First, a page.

Brow lift (or forehead lift)

Purpose:

To smooth the forehead and reduce the appearance of loose skin around the eyes.

The procedure:

A brow lift is a surgical operation that can take place either under a general or local anaesthetic. There are two techniques that can be used: open and endoscopic. Both procedures can take up to two hours.

With an open brow lift, the surgeon makes a long incision across the forehead - either around the hairline or in one of the creases of the forehead. For an endoscopic brow lift, the surgeon will make several smaller incisions and insert an endoscope (a metal tube with a camera attached to the end) so that they can see the tissues underneath the skin on a television screen.

In both cases, the surgeon will remove fatty tissue underneath the skin, loosen the muscles and remove a section of skin. They will then pull the skin down and stitch the brow into its new position.

You will be required to stay in hospital overnight, to take 7 -10 days off work and to sleep upright for one week to reduce swelling. It will be important to minimise irritation to the scalp by washing the hair daily with baby shampoo and avoiding styling products. The sutures will be removed between seven and fourteen days.

Brow lifts can also be performed using "suture" or "threadlift" techniques. This involves the placement of sutures or threads with tiny "teeth" into the brow through a small insertion. The threads are pulled upwards and secured, and the insertion is stitched shut.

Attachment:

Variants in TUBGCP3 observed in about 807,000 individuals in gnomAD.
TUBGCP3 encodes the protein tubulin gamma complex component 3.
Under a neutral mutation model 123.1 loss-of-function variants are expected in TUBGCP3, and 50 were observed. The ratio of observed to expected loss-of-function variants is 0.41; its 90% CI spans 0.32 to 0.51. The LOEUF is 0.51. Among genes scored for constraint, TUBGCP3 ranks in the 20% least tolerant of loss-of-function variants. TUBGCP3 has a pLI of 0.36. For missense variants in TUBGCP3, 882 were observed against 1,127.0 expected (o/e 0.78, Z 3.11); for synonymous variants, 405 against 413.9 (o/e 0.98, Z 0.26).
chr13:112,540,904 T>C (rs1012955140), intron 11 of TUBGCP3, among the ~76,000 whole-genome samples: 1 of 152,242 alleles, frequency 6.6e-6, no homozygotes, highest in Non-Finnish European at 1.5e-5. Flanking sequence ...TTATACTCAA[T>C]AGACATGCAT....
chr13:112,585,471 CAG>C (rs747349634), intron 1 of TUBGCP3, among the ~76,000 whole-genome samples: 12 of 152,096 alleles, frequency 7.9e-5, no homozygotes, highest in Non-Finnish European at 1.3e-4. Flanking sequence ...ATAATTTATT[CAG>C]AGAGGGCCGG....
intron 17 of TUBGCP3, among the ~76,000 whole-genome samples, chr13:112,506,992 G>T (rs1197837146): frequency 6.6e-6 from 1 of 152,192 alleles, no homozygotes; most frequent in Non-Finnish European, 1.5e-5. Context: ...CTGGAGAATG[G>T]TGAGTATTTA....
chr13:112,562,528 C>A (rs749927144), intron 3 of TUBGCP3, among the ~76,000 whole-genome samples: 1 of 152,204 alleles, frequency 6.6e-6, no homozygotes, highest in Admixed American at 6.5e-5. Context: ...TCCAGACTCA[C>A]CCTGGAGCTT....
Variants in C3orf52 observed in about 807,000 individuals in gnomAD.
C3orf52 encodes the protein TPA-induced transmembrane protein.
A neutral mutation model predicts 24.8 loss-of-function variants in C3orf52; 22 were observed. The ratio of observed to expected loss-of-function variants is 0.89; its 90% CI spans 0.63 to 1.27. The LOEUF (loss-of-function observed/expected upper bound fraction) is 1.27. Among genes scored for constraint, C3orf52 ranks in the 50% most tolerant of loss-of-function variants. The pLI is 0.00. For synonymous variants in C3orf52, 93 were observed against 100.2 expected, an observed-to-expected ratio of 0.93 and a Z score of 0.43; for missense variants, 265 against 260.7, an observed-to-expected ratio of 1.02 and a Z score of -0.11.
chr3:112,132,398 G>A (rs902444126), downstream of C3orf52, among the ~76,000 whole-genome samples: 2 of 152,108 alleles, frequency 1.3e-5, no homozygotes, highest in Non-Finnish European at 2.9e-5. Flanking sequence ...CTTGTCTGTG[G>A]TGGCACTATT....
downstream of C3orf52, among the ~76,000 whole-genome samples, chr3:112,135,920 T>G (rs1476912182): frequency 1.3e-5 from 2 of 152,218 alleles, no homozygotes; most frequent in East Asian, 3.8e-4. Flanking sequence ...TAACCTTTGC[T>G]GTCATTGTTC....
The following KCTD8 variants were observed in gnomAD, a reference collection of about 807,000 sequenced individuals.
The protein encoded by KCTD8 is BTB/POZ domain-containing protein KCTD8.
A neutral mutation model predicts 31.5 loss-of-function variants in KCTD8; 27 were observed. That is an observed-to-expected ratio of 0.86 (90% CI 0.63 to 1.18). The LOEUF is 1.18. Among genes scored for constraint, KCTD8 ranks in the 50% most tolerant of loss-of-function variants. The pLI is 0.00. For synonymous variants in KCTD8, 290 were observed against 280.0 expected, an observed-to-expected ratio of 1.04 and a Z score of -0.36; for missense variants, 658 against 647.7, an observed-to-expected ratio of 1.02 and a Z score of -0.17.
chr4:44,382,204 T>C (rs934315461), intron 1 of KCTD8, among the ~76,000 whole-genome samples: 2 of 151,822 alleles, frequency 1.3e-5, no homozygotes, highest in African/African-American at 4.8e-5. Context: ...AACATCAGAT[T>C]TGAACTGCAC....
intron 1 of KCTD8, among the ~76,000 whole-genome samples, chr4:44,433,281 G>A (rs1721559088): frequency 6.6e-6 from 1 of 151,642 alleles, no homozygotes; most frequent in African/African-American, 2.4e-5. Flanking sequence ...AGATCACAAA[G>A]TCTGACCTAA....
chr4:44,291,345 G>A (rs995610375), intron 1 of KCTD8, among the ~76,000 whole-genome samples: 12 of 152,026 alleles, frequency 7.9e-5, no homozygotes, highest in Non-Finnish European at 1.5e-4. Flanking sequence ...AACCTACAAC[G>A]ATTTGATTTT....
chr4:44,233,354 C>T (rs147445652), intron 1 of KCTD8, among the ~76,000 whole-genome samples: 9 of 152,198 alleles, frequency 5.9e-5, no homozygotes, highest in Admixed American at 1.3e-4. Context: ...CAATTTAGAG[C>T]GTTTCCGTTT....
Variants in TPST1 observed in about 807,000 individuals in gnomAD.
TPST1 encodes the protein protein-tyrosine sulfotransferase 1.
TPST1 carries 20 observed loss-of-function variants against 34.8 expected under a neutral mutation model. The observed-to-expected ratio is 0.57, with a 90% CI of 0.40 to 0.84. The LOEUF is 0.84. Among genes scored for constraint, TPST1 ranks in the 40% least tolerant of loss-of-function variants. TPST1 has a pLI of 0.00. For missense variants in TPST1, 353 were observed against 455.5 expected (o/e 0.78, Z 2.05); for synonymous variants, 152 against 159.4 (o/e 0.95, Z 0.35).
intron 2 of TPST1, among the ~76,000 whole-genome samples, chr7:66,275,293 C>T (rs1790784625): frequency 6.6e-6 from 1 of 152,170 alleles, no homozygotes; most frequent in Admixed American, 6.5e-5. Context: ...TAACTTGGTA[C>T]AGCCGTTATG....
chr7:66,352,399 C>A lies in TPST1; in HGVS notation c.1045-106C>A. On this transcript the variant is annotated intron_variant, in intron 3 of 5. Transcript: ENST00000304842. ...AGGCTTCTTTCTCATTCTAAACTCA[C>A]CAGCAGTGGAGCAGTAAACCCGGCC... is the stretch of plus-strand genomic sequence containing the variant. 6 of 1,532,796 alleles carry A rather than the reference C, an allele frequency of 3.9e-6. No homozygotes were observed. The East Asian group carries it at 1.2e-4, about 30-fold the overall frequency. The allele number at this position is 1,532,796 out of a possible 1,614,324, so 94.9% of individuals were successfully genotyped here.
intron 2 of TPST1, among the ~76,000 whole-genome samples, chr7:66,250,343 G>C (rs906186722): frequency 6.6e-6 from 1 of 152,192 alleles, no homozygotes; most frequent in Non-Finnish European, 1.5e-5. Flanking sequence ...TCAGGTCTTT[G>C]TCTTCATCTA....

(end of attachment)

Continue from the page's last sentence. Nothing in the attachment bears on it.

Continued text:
The results:

The brow and forehead should appear firmer and less lined. Brow lifts are sometimes permanent, but the effect may be reduced as you get older or if you put on weight.

The risks:

General risks associated with surgery - see Considering cosmetic surgery?

The procedure will leave permanent scars but once they have faded they should not be particularly noticeable if positioned along the hairline or in one of the creases of the forehead (although scars along the hairline may become visible at a later date of the hair recedes). There is also a risk that the eyebrows may be asymmetrical, and there is also the possibility of some nerve damage. If the nerves that control eyebrow movement are damaged, this could leave you unable to raise your eyebrows or wrinkle your forehead. You should ask your surgeon how often this has happened in their experience.

Before you start:

If you are most concerned about the area around your eyes, you may want to discuss surgical alternatives with your doctor

Also see:

Upper and lower eyelid surgery
Botulinum toxin injections
Facelift
Suture facelift

Procedure information is copyright Department of Health (http://www.dh.gov.uk. Reproduced under the terms of the Click-Use Licence.